How one community chose to rise up and confront addiction with bold action
What does tapping into the collective wisdom of a community to organize resources around an important initiative look like?
Insight Solutions recently partnered with Entrepreneurs in Recovery to design and deliver a two-part event, which helped a local town create action plans for a large-scale Community Based Addiction Recovery initiative. Community members of all types were engaged to participate in the event, including first responders, government officials, business owners, family and friends impacted by addiction and those in recovery themselves. The diversity of those in the room only added to the energy and the variety of perspectives.
The first session was 2-hours in length, followed by a 3-hour session several weeks later. Each session was attended by approximately 30 community members. The amount of progress accomplished in only 5-hours was nothing short of amazing! “No one left behind” emerged as the theme and inspirational name of this initiative.
The event was hosted by Will’s Place, in the town of Albemarle, NC. Will’s Place is a nonprofit organization founded by Allison Hudson, in memory of her brother Will, who was lost to a drug overdose in 2012. Allison and her family’s powerful story makes it painfully clear that addiction can affect anyone, at any time, of any background. Despite the tragedy that led to the founding of Will’s Place, it now serves as a symbol of hope for those affected by addiction in the town of Albemarle and beyond.
SESSION ONE (2-hours):
Designed to establish deep connections among community members and identify the significant purpose of the work that lay ahead of them, while forging bonds that would enable action and envisioning what an ideal future would look like.
The event was opened with an exercise designed to connect with purpose and create space to hear the attendees voices first. Community members’ were invited to reflect on and then share why this initiative was so important to them, to their families, their community and the world.
A community member interview with Allison Hudson was conducted to provide firsthand experience and perspective of how addiction can affect anyone, but also how it is possible to successfully overcome the grip of this disease and that support and resources are available for those who are ready to receive them.
Participants were then invited to reflect on “high point stories” of when they experienced addiction recovery working and specifically noting what factors enabled this success.
The high point stories were then used as inspiration to envision what might be possible if addiction and substance abuse were overcome and what that ideal future would look like.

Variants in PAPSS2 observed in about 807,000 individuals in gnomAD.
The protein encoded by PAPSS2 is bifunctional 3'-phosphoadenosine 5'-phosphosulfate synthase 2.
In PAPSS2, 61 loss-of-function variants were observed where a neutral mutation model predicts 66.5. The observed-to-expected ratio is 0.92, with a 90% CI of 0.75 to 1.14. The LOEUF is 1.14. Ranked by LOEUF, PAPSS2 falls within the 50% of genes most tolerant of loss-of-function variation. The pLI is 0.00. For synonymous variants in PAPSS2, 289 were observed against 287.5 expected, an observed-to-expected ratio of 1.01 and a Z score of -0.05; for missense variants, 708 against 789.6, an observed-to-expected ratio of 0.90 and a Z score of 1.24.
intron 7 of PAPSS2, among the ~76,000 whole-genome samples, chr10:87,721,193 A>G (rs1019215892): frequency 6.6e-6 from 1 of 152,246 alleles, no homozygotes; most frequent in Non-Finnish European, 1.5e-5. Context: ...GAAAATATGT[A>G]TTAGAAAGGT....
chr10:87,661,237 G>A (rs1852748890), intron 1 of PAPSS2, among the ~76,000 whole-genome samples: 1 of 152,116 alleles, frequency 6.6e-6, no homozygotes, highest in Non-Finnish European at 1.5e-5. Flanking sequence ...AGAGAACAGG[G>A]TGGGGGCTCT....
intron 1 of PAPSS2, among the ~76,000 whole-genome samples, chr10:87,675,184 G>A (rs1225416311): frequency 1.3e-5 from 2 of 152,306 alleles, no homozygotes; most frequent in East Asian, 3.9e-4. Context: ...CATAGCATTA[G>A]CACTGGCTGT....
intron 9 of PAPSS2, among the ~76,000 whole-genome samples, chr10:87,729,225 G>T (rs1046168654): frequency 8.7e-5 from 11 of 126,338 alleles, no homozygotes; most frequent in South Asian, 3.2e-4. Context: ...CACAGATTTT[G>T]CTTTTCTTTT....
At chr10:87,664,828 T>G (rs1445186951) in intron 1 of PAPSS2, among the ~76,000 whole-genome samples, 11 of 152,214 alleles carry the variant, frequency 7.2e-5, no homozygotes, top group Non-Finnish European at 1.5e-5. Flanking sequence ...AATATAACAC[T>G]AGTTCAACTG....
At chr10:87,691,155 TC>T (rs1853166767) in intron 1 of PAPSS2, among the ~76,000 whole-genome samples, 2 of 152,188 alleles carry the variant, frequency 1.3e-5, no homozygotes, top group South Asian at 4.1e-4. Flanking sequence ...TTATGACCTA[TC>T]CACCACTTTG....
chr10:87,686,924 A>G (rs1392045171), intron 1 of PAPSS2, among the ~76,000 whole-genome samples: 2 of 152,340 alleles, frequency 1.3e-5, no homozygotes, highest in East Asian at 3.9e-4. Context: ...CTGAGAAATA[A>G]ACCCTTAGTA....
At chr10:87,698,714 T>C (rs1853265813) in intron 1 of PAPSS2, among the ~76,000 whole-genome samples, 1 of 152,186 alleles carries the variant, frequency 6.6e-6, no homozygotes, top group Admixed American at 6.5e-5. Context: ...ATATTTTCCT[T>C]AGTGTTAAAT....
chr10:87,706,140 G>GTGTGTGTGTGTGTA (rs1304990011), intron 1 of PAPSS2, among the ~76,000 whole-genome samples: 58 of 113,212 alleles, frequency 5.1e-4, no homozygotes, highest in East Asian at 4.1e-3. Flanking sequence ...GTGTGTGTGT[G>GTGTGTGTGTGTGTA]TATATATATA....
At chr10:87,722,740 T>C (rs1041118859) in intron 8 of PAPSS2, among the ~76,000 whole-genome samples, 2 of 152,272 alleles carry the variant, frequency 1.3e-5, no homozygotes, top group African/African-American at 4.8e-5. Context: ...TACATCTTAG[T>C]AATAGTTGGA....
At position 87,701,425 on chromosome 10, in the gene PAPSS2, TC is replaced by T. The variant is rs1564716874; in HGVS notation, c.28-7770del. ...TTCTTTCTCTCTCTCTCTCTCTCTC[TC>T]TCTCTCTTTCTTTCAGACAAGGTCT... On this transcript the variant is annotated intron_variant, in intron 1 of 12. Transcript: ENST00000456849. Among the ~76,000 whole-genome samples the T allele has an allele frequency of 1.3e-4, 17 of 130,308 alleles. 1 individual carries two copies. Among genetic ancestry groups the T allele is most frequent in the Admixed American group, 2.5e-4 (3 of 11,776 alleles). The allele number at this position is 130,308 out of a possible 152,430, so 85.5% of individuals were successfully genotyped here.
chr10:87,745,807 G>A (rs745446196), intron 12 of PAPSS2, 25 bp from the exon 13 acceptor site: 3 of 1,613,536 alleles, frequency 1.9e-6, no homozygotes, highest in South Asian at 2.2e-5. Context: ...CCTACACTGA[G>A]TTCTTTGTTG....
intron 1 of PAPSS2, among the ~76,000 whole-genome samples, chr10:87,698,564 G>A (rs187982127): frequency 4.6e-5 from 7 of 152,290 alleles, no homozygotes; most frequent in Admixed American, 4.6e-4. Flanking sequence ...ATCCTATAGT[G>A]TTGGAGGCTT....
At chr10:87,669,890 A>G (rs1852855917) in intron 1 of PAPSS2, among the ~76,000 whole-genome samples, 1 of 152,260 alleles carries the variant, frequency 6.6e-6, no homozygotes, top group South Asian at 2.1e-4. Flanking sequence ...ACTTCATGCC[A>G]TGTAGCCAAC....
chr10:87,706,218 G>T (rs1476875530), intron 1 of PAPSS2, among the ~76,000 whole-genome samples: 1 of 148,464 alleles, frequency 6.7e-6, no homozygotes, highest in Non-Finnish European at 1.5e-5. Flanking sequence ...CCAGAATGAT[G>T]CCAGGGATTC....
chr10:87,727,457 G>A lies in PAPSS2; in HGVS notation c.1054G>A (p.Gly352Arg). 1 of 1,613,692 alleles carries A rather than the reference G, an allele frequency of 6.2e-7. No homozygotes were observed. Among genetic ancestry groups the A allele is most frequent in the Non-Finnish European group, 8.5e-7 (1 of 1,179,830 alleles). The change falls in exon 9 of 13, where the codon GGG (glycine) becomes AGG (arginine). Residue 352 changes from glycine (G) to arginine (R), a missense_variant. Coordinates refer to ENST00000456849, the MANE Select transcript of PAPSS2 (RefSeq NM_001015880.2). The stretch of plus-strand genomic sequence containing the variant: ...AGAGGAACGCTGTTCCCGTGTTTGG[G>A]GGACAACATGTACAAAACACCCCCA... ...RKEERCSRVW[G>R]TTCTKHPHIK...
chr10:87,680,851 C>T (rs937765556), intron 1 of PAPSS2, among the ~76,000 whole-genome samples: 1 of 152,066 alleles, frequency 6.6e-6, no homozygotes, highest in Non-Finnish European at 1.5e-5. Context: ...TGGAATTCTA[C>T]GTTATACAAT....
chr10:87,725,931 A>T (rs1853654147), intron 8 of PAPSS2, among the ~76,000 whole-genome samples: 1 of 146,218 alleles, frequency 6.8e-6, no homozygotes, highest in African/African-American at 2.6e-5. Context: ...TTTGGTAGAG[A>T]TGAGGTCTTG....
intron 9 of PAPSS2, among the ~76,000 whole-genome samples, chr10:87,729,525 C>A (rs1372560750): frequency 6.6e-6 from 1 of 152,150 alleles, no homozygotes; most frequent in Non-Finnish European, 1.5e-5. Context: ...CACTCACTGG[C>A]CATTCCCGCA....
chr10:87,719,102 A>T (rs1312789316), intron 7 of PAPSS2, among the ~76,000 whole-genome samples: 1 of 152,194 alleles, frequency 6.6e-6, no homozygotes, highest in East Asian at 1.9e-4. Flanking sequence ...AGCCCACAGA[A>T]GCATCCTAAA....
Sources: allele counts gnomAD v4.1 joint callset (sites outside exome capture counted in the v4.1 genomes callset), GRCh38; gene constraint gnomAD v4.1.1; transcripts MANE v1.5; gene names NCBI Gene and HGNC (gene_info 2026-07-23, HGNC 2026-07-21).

The event concluded with participants making a commitment to action. They were invited to identify one small action step which they could take immediately to move in the direction of their future visions.
SESSION TWO (3-hours):
Designed to build on the success of the first event, this convening moved dialogue into design, co-creating ideas and programs, backed by action plans. Rapid brainstorming and prototyping were used to crowdsource the wisdom among the group, harvest a large quantity of ideas, converge on common themes and then focus in on a single concept to prototype. Returning attendees were joined by new members of the community who were inspired to get involved and help support this initiative.
Again, the event was opened with the voice of the participants by asking several of them to share their experience from the first gathering.
In between the two events, the leadership team synthesized the future visions which were created during the first event and identified common themes. These common themes were then used to generate five inspirational “How Might We…” questions in the topic areas of:
- No Shame, No Stigma
- Jobs and Opportunities
- Engagement and Awareness
- Long-term, Ongoing Follow Up
- Other Initiatives, which did not fit in the above topic categories and included: how to reduce the homeless population and provide more affordable housing and treatment options, as well as how to share the success Albemarle will realize in 2019 with other communities, so they may model similar programs.
Rapid brainstorming was then used to generate ideas and momentum around the five “How Might We….” questions. The one conversation brainstorming approach ensured that all voices in the room were heard.
Participants were then asked to break into subgroups around the topic area where they felt the most energy to contribute. This approach ensures people are engaged and committed to work on a specific initiative by choosing it themselves, as opposed to being assigned, which may not match an individual’s energy with the task. The subgroups synthesized the ideas, converging common themes and allowing new ideas to emerge as part of their work. Groups then selected one specific idea that they would design and prototype or bring to life. Each team described their idea to the room in a brief, 60-second micro report out.
Next, the teams launched themselves into prototype mode, which transitioned their energy from conversational dialogue into actual design work, with the use of visual aids. As part of the design and prototype activity, teams had the opportunity to create large format Action and Deployment plans, which included an executive summary of the project, resources necessary, major milestones, indicators of success and a roster of volunteers willing to support the initiative.
The event concluded with each team presenting their prototyped idea to the whole room in a 5-minute report out.
Each team’s presentation filled the room with a palpable energy, bold ideas and the passion needed to implement real change. As a final activity, the group formed a closing circle and were invited to share what was most impactful about the day for them.